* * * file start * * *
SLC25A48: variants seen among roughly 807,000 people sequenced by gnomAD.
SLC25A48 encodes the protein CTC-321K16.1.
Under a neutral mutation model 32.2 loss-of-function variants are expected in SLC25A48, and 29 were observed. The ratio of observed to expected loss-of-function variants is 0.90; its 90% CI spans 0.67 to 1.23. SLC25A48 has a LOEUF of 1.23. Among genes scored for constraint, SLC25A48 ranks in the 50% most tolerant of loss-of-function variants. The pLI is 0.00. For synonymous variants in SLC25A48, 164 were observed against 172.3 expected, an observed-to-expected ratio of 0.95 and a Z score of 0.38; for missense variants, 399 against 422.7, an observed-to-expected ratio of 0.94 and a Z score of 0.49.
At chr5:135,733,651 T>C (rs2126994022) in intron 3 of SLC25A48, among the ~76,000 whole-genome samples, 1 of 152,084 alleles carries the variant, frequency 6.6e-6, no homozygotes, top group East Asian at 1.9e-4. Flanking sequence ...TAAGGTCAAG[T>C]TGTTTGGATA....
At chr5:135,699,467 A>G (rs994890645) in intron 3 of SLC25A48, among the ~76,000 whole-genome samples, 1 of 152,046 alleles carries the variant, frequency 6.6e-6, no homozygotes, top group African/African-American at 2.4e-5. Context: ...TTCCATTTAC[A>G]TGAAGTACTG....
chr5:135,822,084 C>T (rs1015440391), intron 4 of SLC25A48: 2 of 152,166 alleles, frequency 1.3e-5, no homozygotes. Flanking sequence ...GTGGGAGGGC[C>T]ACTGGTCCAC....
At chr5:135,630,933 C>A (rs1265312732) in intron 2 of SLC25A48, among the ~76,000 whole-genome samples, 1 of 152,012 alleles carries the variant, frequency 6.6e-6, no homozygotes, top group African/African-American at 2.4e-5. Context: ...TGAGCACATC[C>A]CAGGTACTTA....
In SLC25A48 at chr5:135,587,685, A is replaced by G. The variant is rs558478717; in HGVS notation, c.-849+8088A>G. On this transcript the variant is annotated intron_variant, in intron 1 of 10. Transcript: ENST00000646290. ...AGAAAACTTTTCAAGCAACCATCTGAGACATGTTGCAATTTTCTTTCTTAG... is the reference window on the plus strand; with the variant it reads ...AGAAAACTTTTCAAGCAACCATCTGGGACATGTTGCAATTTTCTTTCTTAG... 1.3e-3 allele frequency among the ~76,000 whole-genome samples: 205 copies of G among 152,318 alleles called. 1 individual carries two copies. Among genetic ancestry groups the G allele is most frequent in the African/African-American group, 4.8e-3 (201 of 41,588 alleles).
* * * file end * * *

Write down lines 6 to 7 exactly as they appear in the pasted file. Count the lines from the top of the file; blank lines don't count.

chr5:135,822,084 C>T (rs1015440391), intron 4 of SLC25A48: 2 of 152,166 alleles, frequency 1.3e-5, no homozygotes. Flanking sequence ...GTGGGAGGGC[C>T]ACTGGTCCAC....
At chr5:135,630,933 C>A (rs1265312732) in intron 2 of SLC25A48, among the ~76,000 whole-genome samples, 1 of 152,012 alleles carries the variant, frequency 6.6e-6, no homozygotes, top group African/African-American at 2.4e-5. Context: ...TGAGCACATC[C>A]CAGGTACTTA....